Florida Gators head coach Urban Meyer is looking to put a stop to the seemingly never-ending black eyes being placed on his program with each subsequent arrest of a University of Florida football player. With 28 legal issues under his tenure to-date, Meyer and his coaches held an emergency meeting with the players on Monday, a source close to the team told OGGOA.
The coaching staff took turns verbally lambasting the team and letting it be known how, more than ever, accountability and responsibility were important to the program this offseason. Then, as former Florida football player Brady Ackerman first disclosed via Twitter on Monday, they stressed that – from this point going forward – the team would be held accountable as a group for any individual missteps.
As OGGOA‘s source put it, the Gators are adopting an “if one falls, all fall” mentality that was taught in practical application immediately after the impassioned meeting.
Director of strength and conditioning Mickey Mariotti, who leads the players during the summer when coaches cannot run practices, worked the team hard with a number of extensive drills (including “stadiums” and “snakes”) Monday evening. The tough workout was just the beginning of an indefinite period of disciplinary action, according to the source. The players were already enraged and none-to-happy with their teammate’s actions after the meeting, and the point appeared to be hammered in with gusto.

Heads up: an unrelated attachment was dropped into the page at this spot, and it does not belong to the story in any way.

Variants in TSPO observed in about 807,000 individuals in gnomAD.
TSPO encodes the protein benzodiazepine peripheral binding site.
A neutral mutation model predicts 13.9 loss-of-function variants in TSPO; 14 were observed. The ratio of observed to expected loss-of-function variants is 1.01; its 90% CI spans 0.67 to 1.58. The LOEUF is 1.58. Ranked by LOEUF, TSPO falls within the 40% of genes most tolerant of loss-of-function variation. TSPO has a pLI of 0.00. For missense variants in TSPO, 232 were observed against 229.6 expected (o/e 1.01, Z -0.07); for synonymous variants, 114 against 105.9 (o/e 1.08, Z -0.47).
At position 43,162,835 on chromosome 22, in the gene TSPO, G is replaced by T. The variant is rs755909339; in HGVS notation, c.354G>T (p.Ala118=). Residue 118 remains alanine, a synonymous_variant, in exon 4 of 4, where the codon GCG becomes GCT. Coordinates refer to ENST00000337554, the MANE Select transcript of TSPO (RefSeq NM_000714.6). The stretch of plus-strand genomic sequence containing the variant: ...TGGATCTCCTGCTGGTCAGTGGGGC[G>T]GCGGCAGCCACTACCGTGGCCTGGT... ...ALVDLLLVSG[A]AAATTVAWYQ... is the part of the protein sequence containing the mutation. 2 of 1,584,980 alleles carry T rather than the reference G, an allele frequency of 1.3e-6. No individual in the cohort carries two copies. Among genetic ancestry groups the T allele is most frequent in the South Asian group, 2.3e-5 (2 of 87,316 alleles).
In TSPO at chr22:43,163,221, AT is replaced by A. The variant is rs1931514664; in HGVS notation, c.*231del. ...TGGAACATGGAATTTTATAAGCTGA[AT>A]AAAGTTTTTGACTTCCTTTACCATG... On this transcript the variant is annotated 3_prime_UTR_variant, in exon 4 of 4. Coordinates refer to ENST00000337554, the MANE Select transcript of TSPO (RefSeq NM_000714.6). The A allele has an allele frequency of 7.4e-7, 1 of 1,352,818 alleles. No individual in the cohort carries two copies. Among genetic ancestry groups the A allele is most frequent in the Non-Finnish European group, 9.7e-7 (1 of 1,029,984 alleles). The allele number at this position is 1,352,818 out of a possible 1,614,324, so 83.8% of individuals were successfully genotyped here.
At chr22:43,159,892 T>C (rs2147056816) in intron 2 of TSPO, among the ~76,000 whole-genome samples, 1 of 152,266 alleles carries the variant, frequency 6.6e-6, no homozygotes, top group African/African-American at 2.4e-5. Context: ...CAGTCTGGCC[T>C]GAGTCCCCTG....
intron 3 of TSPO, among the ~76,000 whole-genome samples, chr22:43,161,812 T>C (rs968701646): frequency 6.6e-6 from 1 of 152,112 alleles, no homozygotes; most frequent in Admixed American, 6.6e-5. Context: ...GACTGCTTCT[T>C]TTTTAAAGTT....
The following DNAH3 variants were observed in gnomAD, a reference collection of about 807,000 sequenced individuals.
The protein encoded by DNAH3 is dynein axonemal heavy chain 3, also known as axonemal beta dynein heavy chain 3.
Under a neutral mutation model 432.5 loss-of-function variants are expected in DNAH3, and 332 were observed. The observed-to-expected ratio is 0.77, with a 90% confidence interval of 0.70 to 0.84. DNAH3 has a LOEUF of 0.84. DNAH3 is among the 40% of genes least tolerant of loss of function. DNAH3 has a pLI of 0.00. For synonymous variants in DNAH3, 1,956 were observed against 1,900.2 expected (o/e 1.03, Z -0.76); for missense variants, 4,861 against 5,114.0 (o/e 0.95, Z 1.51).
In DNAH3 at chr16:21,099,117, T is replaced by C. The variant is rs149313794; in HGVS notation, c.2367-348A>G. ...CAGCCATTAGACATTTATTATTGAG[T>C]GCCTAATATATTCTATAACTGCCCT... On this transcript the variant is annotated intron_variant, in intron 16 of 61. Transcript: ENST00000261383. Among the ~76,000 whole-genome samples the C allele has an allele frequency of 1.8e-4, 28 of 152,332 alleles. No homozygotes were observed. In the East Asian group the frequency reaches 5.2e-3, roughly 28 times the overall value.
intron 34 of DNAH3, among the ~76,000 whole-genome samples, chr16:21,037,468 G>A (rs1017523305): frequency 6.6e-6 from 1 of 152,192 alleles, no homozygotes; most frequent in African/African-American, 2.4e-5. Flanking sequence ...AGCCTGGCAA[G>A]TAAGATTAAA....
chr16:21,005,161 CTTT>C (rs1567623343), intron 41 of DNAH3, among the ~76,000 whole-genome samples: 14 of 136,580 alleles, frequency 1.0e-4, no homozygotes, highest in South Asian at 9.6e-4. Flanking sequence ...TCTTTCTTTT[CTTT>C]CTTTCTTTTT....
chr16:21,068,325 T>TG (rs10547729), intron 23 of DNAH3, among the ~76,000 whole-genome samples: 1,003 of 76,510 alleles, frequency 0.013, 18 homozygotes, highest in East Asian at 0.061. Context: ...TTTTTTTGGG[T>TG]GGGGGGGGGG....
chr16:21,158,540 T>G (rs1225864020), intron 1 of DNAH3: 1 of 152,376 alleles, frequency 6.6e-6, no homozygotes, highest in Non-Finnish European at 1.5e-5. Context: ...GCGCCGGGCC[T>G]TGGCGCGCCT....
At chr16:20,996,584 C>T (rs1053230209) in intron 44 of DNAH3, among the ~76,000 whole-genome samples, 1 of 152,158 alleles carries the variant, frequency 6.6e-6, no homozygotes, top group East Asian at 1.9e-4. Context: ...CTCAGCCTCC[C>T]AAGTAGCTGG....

Meyer, who makes all punishment-related decisions alongside athletic director Jeremy Foley and school president Bernie Machen, may use redshirt sophomore wide receiver Frankie Hammond, Jr.‘s DUI arrest to set an example for the rest of the team.
Ackerman said late Monday that he was “hearing Hammond will be dismissed from the Florida football team,” but Meyer could be putting him on a probationary period similar to what Oregon did with running back LeGarrette Blount last season.
Then again, if Meyer decides to stay consistent with his punishment and treat this like similar situations in the past, the school will likely wait until the legal process has run its course before making a final decision on Hammond’s future.
For what it’s worth, OGGOA‘s source called Hammond a “good kid who has done everything right up until this point.” His grades are high, his behavior was consummate with what the team expected and he also completed plenty of community service work.
Hammond has already been placed on an indefinite suspension from team activities.